Walmart offers always low prices, but at a cost.
The company has been criticized on a number of fronts including their record with labor, the environment and vendor negotiations. Incredibly, the company accounts for over 11% of the U.S. trade deficit with China, representing nearly 200,000 jobs lost.
Now we have another reason to pick on them: The Walmart Rebrand.
Here’s a graphic showing the evolution of the Walmart logo:
Walmart offered little explanation for the change:
For the past two years, a customer focused transformation has been taking place in Walmart’s U.S. business.
Walmart’s U.S. locations will update store logos as part of an ongoing evolution of its overall brand – customers have already seen this in refreshed store signage and recent print advertisements and TV commercials.
But what really matters is what happens out there in the stores. This update to the logo is simply a reflection of the refresh taking place inside our stores and our renewed sense of purpose to help people save money so they can live better.
Can they be more vague? If they are going to leave the logo open to interpretation, that’s what I’ll do:
The color is more contemporary, and by moving from all upper-case to a capitalized “W” and lower-case letters it’s more approachable.
But what’s with the ginormous starburst?
At first I wondered why they didn’t read my blog post about marketing without an * because that’s what it looks like—a huge asterisk.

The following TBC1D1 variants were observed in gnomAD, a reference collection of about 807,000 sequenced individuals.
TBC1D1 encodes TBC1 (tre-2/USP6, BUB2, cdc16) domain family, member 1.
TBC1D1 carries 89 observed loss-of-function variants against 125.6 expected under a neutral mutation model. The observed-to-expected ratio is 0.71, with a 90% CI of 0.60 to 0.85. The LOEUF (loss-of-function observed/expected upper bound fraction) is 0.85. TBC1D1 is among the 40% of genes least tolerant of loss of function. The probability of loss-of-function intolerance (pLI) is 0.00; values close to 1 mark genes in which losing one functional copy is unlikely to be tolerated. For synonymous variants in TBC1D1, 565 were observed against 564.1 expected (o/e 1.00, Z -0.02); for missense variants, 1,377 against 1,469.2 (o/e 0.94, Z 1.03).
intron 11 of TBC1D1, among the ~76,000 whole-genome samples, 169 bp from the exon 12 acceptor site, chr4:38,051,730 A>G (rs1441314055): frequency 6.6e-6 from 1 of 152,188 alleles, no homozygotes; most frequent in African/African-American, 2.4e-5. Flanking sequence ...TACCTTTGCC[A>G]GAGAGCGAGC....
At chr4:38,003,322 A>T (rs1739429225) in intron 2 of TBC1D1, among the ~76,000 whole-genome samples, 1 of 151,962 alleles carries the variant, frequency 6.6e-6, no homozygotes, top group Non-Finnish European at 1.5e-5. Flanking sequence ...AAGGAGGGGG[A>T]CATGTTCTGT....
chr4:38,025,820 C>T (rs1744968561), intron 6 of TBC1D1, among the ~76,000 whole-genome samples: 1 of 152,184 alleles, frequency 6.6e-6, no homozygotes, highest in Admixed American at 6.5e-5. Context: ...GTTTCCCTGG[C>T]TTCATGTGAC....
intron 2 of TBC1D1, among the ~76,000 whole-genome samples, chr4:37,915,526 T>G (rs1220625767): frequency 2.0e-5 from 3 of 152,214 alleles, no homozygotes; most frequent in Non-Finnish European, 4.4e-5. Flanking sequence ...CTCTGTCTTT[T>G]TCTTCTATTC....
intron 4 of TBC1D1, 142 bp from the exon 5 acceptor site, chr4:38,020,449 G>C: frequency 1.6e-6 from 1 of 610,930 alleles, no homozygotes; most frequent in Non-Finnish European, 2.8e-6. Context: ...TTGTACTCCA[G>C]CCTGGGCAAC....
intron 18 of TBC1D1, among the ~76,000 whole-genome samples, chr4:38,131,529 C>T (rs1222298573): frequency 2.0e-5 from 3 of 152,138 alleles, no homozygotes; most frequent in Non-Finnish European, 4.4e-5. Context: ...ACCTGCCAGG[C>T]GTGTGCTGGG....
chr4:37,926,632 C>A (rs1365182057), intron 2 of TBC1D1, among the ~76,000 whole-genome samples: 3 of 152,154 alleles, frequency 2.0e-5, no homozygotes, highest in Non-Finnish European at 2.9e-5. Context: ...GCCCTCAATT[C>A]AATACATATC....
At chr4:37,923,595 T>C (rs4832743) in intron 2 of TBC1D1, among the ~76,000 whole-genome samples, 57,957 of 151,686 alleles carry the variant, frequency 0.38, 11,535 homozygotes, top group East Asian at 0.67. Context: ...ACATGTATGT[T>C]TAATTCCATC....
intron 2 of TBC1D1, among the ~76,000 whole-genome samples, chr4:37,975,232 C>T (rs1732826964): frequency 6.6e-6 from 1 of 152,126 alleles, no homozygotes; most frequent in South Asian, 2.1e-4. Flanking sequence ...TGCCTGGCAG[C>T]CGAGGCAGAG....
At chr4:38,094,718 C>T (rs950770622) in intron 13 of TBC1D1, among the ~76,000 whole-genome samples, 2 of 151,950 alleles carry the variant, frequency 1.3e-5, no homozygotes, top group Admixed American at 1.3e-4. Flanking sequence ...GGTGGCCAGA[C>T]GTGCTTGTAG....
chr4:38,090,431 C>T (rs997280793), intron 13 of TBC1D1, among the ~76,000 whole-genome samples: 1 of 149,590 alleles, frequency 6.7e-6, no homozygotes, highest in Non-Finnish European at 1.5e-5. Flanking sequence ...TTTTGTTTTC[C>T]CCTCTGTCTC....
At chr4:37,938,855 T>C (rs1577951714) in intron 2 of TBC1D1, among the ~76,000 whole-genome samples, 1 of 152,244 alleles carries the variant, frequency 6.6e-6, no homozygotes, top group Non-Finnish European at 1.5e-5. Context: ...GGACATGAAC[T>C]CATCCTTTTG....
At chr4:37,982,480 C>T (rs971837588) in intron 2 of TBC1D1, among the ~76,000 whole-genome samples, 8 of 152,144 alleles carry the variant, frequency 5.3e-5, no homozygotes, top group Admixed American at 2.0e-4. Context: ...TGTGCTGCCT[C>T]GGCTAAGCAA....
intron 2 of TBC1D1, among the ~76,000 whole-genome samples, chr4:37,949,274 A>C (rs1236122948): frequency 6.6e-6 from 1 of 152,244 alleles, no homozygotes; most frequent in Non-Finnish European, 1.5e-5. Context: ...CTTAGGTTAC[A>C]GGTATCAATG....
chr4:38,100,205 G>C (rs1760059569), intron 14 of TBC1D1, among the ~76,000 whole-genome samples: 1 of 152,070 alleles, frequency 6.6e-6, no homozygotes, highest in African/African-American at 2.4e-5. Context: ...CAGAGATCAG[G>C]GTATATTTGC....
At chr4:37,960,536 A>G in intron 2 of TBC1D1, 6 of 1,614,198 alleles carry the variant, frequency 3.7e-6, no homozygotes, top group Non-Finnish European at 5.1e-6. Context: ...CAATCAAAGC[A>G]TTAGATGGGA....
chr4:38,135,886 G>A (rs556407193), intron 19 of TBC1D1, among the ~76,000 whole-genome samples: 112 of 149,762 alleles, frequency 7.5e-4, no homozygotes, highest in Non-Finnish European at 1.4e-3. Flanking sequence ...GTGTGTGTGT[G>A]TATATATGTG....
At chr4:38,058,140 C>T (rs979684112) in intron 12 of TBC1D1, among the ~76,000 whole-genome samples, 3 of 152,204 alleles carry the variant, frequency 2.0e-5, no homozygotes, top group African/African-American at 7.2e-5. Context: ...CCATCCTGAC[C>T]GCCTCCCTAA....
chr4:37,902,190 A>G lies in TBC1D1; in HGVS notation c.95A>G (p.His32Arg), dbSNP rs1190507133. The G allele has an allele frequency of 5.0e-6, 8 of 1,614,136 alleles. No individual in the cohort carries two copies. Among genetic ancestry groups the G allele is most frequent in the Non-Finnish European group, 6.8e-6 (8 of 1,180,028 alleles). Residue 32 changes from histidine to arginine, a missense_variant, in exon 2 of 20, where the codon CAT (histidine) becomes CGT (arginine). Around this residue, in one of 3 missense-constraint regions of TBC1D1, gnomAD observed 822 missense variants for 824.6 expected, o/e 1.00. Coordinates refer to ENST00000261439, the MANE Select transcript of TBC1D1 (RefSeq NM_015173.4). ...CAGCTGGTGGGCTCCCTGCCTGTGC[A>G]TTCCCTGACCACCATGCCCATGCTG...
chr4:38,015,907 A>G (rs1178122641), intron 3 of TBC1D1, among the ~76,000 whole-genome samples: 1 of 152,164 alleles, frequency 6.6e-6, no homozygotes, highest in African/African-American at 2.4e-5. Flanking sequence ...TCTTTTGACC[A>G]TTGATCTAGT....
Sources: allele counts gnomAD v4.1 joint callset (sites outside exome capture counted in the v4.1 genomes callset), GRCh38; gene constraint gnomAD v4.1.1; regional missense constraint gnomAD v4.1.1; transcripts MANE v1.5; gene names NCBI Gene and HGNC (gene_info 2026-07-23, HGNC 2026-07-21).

By definition, an asterisk is “used to highlight a particular word or sentence, often to indicate a footnote” or “a blemish in an otherwise outstanding achievement.”
So, where’s the footnote, and why would you want a logo that looked your company name with an asterisk? Can you imagine AT&T*, Apple*, GM*, Microsoft* or Johnson + Johnson* doing this? No way.
Should Walmart go out of their way to communicate that they have a blemish (pick one) on their otherwise outstanding achievement (biggest retailer in the world)?
Even worse, it looks like a big sphincter. So many people already consider them one, does their logo need to look like it?
You know, great branding can help capture and communicate the way the consumer really feels about a company. When branding is strong it hits a chord, bringing together a company’s strategic objectives, customer experience, and creative vision in a seamless way. And the logo is a core piece of that. Outsource Marketing’s Director of Creative Services Rheana Hersey says,
The meaning behind your logo should be harmonious with the feelings people have about your brand. Your logo takes your brand identity and brand, ties them together in a pretty little bow, and presents them to the world. That tiny little mark does a ton of heavy lifting.
Some designs can be misinterpreted, or are unclear, uninspiring, or just plain boring. Any company should get feedback on a logo design and consider its many potential associations and implications.
Hmmm. When you consider how many people feel about Walmart maybe their branding people actually hit the mark.
Would you agree that Walmart’s new logo is highly irresponsible, even borderline unforgivable? Why or why not?
Comment below to weigh in.
Inspiration for the this post came from the smartbrandblog.